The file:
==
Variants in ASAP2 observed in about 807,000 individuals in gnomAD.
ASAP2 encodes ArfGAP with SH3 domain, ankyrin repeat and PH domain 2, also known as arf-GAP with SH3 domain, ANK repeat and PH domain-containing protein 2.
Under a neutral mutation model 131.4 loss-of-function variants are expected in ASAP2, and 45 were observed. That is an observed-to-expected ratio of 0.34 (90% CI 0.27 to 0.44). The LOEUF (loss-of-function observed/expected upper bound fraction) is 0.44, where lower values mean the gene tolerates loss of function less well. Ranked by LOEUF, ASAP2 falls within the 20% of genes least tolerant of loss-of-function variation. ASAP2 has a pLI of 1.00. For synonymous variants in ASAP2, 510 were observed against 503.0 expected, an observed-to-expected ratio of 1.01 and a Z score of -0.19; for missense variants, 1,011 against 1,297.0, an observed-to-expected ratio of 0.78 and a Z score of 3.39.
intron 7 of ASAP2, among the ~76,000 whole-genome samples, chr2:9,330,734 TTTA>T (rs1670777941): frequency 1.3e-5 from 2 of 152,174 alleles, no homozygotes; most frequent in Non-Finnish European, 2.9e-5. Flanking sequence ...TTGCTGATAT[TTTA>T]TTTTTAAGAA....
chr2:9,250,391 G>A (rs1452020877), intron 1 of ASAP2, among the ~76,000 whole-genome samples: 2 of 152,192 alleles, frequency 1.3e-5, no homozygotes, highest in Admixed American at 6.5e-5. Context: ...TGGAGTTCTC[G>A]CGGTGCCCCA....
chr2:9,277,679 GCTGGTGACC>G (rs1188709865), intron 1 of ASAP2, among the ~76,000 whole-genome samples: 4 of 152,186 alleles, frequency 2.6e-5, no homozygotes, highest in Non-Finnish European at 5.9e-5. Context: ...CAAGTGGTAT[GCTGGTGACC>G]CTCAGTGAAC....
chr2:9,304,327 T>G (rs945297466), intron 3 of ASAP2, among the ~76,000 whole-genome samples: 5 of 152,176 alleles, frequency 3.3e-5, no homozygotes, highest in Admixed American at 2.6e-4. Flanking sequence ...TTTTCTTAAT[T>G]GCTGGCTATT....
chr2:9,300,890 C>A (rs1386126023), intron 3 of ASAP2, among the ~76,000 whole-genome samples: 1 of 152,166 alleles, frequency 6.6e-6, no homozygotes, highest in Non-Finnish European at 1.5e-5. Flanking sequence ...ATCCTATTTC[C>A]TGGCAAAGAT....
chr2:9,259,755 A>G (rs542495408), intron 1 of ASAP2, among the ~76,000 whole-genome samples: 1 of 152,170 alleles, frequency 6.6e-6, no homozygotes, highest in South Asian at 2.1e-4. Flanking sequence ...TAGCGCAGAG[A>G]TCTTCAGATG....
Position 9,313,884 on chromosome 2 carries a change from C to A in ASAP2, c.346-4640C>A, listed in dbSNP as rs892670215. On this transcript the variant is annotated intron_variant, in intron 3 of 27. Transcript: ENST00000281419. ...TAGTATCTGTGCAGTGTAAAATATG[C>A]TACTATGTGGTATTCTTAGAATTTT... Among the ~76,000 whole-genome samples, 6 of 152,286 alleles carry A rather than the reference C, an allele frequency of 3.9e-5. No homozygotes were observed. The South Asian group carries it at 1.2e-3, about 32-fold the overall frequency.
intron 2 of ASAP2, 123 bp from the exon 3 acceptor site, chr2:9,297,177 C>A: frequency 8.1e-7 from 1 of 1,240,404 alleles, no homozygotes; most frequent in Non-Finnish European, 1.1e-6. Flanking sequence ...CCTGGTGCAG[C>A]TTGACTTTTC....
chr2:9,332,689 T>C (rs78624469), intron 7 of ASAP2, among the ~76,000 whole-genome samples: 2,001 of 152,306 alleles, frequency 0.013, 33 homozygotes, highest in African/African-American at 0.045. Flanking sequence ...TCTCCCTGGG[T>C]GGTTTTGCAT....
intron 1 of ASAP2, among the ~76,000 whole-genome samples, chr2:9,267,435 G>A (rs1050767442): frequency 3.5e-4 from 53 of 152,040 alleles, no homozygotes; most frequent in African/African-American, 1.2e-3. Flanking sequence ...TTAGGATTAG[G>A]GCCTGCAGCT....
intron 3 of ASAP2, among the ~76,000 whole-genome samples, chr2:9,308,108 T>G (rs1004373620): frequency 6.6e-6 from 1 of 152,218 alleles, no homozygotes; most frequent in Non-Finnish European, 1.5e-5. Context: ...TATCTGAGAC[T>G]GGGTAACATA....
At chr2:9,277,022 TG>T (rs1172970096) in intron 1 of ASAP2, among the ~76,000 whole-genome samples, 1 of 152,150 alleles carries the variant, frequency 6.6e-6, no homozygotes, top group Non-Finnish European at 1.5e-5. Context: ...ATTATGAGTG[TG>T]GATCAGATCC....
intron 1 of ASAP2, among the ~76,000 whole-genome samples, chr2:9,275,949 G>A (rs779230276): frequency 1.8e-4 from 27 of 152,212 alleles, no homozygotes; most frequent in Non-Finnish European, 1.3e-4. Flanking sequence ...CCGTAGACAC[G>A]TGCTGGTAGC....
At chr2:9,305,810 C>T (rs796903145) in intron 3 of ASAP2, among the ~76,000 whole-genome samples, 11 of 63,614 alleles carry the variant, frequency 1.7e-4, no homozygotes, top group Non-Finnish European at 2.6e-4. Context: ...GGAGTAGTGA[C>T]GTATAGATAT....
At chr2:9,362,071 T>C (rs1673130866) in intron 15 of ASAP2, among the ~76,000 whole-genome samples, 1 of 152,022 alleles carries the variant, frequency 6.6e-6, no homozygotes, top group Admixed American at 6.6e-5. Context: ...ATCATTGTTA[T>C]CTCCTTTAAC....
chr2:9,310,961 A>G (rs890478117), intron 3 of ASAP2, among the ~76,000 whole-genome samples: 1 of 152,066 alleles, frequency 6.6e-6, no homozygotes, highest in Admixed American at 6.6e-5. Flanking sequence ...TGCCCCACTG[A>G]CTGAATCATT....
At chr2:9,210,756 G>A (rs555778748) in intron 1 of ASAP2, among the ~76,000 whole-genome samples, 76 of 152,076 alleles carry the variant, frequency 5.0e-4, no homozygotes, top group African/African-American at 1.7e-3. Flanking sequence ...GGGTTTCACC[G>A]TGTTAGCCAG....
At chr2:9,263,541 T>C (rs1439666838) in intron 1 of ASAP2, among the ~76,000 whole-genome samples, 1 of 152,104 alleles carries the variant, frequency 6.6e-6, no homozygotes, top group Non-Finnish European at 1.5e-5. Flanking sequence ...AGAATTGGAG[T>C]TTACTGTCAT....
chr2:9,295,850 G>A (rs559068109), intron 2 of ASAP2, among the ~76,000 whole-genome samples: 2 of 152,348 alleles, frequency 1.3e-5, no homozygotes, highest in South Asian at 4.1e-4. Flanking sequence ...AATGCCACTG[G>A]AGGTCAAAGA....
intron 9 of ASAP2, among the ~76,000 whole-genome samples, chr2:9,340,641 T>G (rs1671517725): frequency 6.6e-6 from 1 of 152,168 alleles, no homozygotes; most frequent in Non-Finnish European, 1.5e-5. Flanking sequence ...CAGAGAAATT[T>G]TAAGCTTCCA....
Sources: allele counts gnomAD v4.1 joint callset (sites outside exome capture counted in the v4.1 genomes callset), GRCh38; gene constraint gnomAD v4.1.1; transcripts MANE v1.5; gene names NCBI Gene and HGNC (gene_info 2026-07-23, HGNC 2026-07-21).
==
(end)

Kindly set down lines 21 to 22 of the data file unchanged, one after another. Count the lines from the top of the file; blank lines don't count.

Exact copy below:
At chr2:9,263,541 T>C (rs1439666838) in intron 1 of ASAP2, among the ~76,000 whole-genome samples, 1 of 152,104 alleles carries the variant, frequency 6.6e-6, no homozygotes, top group Non-Finnish European at 1.5e-5. Flanking sequence ...AGAATTGGAG[T>C]TTACTGTCAT....
chr2:9,295,850 G>A (rs559068109), intron 2 of ASAP2, among the ~76,000 whole-genome samples: 2 of 152,348 alleles, frequency 1.3e-5, no homozygotes, highest in South Asian at 4.1e-4. Flanking sequence ...AATGCCACTG[G>A]AGGTCAAAGA....